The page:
How Companies End Up Hiring Wrong Workers When They Are Short-Staffed

While a company’s products and services form its core business, it cannot function optimally without the right human resources. Incorrect hiring practices can have a devastating long-term effect on an organization’s performance as such employees are unproductive and potentially harmful to the company’s brand and reputation.

Most business owners and corporations will admit to errors during the recruitment and selection process and understand its implications. Here is what leads to poor hiring processes:

Speed over quality

A company’s desire to fill a post quickly often leads to poor decision-making and selection. More than 80% of HR professionals agree that cutting corners in the recruitment process can lead to disastrous consequences. Many have found that using pre-employment assessments from eSkill gives them an accurate picture of an employee’s abilities and skills, allowing them to make better-informed hiring decisions.

The reasons for rushing recruitment and selection vary. Some positions must be filled quickly as not doing so could adversely affect a company’s operations. Managers might be keen that the current employee does a handover to a new one before leaving.

Insufficient briefing

The person responsible for hiring should have a complete brief of job requirements, including an up-to-date job description and necessary qualifications. Failure to provide HR managers with this vital information can lead them to hire someone not suited to the job.

Additionally, key personality traits and soft skills, such as decision-making, communication, and leadership, are not discussed during a recruitment briefing. An HR manager needs a complete picture of the ideal employee to ensure that they look for the necessary qualities and characteristics beyond qualifications and job experience when making a hiring selection.

Finding out an employee does not possess these after hiring them places an employer in a predicament. Either they are stuck with an employee who does not fit into the organization or must pay to train a worker to get them up to standard.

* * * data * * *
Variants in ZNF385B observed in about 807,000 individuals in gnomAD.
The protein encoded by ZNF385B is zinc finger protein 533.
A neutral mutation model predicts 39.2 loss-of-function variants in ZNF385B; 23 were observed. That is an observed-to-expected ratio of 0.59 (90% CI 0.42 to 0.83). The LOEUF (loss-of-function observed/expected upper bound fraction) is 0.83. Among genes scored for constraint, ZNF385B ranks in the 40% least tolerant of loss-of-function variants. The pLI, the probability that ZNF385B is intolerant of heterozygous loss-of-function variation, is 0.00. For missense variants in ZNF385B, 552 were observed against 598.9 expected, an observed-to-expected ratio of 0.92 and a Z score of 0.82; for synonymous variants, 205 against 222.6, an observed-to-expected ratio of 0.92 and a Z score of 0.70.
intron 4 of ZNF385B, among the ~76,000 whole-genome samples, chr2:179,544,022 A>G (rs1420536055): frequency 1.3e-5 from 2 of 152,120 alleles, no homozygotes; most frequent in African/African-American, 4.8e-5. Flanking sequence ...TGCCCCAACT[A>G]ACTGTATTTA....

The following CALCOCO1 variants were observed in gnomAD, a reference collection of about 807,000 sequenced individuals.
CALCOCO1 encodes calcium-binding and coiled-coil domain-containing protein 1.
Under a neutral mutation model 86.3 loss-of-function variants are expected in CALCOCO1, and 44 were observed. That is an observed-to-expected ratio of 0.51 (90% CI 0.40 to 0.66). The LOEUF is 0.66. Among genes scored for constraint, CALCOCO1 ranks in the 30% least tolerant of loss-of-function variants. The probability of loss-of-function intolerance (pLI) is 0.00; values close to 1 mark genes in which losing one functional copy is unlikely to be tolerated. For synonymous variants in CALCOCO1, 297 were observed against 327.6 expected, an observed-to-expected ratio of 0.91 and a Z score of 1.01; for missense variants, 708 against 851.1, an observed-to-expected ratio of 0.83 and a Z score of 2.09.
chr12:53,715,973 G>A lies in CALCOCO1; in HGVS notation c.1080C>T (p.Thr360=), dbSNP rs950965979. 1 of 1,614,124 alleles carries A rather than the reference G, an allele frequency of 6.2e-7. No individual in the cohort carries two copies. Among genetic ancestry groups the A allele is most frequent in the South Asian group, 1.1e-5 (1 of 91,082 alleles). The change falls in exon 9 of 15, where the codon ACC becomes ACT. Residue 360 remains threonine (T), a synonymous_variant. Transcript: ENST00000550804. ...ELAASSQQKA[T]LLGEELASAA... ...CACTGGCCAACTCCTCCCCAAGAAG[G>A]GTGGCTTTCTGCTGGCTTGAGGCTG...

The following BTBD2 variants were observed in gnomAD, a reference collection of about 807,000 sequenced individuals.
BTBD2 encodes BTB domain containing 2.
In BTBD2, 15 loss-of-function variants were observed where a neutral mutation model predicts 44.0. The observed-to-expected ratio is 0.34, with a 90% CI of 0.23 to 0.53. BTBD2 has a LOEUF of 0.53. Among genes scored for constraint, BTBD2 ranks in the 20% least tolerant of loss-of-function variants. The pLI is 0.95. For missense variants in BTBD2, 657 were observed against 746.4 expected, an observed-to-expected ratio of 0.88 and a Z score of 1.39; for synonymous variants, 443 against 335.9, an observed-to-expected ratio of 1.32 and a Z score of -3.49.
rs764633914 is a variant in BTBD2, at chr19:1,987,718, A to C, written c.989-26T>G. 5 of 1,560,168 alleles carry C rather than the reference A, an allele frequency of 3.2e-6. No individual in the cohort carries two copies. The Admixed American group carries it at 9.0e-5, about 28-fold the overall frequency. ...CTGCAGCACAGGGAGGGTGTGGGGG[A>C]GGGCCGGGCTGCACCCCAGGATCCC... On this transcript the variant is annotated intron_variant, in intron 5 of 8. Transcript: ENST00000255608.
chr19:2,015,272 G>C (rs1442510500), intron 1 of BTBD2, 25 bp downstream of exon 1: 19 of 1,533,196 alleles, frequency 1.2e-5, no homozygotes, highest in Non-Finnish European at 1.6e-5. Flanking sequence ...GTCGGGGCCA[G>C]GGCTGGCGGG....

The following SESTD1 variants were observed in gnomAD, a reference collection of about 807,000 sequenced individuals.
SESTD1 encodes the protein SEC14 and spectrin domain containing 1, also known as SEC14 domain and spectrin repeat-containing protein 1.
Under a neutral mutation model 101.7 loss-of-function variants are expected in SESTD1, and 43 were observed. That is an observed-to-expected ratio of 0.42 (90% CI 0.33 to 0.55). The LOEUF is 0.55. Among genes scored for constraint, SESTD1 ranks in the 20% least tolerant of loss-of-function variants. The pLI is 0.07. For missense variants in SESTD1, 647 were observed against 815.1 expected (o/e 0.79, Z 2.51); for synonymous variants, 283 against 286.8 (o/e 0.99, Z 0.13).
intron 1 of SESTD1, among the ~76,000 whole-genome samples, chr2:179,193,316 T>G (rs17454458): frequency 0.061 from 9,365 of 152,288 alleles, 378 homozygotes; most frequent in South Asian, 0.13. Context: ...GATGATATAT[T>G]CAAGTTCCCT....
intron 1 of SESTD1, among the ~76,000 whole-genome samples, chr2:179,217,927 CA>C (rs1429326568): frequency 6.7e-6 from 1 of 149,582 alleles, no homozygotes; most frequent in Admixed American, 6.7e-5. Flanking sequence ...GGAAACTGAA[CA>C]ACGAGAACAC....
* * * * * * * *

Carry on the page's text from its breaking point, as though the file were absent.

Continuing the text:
Poor interview technique

Many interviewers do not use the 30-60 minutes they have during an interview with a candidate to get a clear picture of them. Instead of allowing interviewees to do most of the talking, they spend too much time explaining the organization and job requirements. This one-way interview technique seldom bodes well.

In these cases, hiring decisions are based on which candidate seemed to be the better listener, not on their skills and ability to do a job.

Such ill-informed choices could come back to haunt an employer as good listening skills may not be a central job requirement. Interviewers must deploy a two-way interview approach, where candidates do much of the talking, answering questions and displaying their knowledge, skills, and abilities.

Hiring panels

Some companies leave hiring decisions to a single person, while others prefer to have many panel members. Too many or too few people playing a part in decision-making can hamper hiring processes.

When managing it alone, an interviewer might miss something that others panel members pick up as a red flag. However, too many cooks can spoil the broth when several people have input as reaching a consensus becomes challenging.

Interview questions and reference checking

When a hiring decision is rushed, or the responsible manager is overwhelmed with too much work, references do not receive sufficient attention. Most HR managers admit to hiring at least one employee without checking their references and have come to regret that decision.

Additionally, an interview where insightful questions are not asked is useless. An HR manager should sit with the person who will supervise a new employee and work out a list of questions to determine a candidate’s suitability for a post.

Bob Dluzen
As a result of being a gardener for more than 40 years, 30 of those as a professional, Bob's gardening has become an integral part of his life. "It's the ever-changing seasons and the wide variety of plants and gardens that keeps me intrigued," he says. Bob lives and gardens in rural Monroe County.